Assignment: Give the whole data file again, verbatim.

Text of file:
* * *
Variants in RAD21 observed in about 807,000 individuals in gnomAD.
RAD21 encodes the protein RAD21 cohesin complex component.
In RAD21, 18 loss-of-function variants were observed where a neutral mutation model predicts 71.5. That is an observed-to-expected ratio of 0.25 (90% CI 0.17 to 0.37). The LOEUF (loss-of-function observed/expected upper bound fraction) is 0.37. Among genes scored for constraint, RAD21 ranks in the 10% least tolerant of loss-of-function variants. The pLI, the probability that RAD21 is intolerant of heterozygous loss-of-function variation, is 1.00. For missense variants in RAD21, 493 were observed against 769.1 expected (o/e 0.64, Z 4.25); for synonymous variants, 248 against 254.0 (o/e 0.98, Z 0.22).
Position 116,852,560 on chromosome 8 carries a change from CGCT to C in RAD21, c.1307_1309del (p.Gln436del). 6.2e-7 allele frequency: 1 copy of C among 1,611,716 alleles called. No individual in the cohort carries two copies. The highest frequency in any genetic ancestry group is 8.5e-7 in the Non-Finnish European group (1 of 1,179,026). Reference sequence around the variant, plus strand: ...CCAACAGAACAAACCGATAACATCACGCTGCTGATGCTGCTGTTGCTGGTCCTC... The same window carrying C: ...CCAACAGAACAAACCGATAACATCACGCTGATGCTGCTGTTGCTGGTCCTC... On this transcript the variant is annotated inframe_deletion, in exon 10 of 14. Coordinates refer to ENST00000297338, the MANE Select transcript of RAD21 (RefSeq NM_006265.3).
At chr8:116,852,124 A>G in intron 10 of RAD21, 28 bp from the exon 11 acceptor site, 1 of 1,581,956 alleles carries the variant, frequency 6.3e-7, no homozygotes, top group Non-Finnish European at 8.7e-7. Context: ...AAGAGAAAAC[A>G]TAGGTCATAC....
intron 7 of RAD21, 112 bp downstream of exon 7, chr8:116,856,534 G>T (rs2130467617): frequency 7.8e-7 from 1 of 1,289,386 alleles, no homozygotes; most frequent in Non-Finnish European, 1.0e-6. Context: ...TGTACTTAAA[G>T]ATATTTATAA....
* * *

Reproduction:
Variants in RAD21 observed in about 807,000 individuals in gnomAD.
RAD21 encodes the protein RAD21 cohesin complex component.
In RAD21, 18 loss-of-function variants were observed where a neutral mutation model predicts 71.5. That is an observed-to-expected ratio of 0.25 (90% CI 0.17 to 0.37). The LOEUF (loss-of-function observed/expected upper bound fraction) is 0.37. Among genes scored for constraint, RAD21 ranks in the 10% least tolerant of loss-of-function variants. The pLI, the probability that RAD21 is intolerant of heterozygous loss-of-function variation, is 1.00. For missense variants in RAD21, 493 were observed against 769.1 expected (o/e 0.64, Z 4.25); for synonymous variants, 248 against 254.0 (o/e 0.98, Z 0.22).
Position 116,852,560 on chromosome 8 carries a change from CGCT to C in RAD21, c.1307_1309del (p.Gln436del). 6.2e-7 allele frequency: 1 copy of C among 1,611,716 alleles called. No individual in the cohort carries two copies. The highest frequency in any genetic ancestry group is 8.5e-7 in the Non-Finnish European group (1 of 1,179,026). Reference sequence around the variant, plus strand: ...CCAACAGAACAAACCGATAACATCACGCTGCTGATGCTGCTGTTGCTGGTCCTC... The same window carrying C: ...CCAACAGAACAAACCGATAACATCACGCTGATGCTGCTGTTGCTGGTCCTC... On this transcript the variant is annotated inframe_deletion, in exon 10 of 14. Coordinates refer to ENST00000297338, the MANE Select transcript of RAD21 (RefSeq NM_006265.3).
At chr8:116,852,124 A>G in intron 10 of RAD21, 28 bp from the exon 11 acceptor site, 1 of 1,581,956 alleles carries the variant, frequency 6.3e-7, no homozygotes, top group Non-Finnish European at 8.7e-7. Context: ...AAGAGAAAAC[A>G]TAGGTCATAC....
intron 7 of RAD21, 112 bp downstream of exon 7, chr8:116,856,534 G>T (rs2130467617): frequency 7.8e-7 from 1 of 1,289,386 alleles, no homozygotes; most frequent in Non-Finnish European, 1.0e-6. Context: ...TGTACTTAAA[G>T]ATATTTATAA....